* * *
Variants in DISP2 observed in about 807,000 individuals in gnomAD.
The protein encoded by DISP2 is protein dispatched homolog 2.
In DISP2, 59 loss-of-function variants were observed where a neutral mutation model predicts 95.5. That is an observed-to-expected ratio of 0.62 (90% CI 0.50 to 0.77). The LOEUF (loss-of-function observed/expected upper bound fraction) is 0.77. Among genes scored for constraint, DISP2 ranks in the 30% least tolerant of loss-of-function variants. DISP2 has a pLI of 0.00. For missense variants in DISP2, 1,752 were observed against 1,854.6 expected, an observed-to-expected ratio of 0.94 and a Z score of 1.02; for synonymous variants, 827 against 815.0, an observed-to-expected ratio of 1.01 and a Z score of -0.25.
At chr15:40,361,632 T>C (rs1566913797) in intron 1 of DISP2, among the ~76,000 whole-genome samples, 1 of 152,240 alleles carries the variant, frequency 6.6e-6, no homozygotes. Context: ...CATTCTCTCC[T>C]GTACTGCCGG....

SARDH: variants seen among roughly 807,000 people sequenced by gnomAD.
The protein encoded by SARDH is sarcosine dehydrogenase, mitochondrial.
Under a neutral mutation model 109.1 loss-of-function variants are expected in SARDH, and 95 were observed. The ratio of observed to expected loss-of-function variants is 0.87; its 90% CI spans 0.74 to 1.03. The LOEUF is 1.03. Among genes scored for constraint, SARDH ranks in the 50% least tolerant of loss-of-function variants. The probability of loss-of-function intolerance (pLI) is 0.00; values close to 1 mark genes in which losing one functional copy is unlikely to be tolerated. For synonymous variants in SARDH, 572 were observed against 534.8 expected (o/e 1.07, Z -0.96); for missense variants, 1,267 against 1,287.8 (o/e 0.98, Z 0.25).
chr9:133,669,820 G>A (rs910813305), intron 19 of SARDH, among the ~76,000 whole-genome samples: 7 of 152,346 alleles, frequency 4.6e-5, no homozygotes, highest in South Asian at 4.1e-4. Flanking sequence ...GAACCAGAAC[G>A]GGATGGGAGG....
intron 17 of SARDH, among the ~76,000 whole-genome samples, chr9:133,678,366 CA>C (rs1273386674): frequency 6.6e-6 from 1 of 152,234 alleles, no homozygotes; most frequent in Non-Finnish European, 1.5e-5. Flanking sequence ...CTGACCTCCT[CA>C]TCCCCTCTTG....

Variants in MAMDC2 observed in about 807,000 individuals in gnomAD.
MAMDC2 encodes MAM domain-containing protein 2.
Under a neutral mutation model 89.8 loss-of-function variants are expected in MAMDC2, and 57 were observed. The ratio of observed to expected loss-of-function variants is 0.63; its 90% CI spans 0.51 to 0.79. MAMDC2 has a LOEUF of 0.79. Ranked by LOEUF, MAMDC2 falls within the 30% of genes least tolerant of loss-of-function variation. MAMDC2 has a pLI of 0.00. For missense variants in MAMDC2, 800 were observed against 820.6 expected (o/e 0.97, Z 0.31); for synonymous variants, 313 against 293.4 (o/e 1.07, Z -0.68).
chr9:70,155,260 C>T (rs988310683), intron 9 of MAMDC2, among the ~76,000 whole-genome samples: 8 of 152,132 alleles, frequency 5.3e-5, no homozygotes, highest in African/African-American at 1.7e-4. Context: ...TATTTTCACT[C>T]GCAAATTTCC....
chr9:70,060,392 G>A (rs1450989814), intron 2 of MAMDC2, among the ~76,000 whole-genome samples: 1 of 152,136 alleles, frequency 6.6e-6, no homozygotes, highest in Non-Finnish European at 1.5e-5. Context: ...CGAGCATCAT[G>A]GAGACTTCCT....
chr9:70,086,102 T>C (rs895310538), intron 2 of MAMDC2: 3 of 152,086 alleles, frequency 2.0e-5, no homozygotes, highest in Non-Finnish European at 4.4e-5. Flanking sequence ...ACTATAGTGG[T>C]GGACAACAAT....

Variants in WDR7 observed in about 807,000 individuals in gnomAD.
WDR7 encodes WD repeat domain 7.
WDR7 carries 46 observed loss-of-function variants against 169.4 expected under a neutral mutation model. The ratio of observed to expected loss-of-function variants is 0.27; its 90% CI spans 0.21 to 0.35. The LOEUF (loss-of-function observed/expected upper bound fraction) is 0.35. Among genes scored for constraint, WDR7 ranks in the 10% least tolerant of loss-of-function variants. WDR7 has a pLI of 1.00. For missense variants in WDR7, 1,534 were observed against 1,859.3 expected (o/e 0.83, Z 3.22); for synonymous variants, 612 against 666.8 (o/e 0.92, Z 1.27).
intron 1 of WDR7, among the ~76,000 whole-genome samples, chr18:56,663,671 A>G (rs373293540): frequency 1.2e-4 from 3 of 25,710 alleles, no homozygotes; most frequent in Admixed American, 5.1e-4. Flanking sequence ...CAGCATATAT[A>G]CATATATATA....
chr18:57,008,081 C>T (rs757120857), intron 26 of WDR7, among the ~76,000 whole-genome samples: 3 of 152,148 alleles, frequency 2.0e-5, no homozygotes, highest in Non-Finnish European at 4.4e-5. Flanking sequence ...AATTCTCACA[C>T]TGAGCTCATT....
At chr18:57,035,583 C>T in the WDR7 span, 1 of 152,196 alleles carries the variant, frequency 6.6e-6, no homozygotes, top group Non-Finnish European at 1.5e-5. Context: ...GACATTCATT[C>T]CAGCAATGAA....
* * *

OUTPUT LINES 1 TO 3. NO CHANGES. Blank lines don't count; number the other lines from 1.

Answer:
Variants in DISP2 observed in about 807,000 individuals in gnomAD.
The protein encoded by DISP2 is protein dispatched homolog 2.
In DISP2, 59 loss-of-function variants were observed where a neutral mutation model predicts 95.5. That is an observed-to-expected ratio of 0.62 (90% CI 0.50 to 0.77). The LOEUF (loss-of-function observed/expected upper bound fraction) is 0.77. Among genes scored for constraint, DISP2 ranks in the 30% least tolerant of loss-of-function variants. DISP2 has a pLI of 0.00. For missense variants in DISP2, 1,752 were observed against 1,854.6 expected, an observed-to-expected ratio of 0.94 and a Z score of 1.02; for synonymous variants, 827 against 815.0, an observed-to-expected ratio of 1.01 and a Z score of -0.25.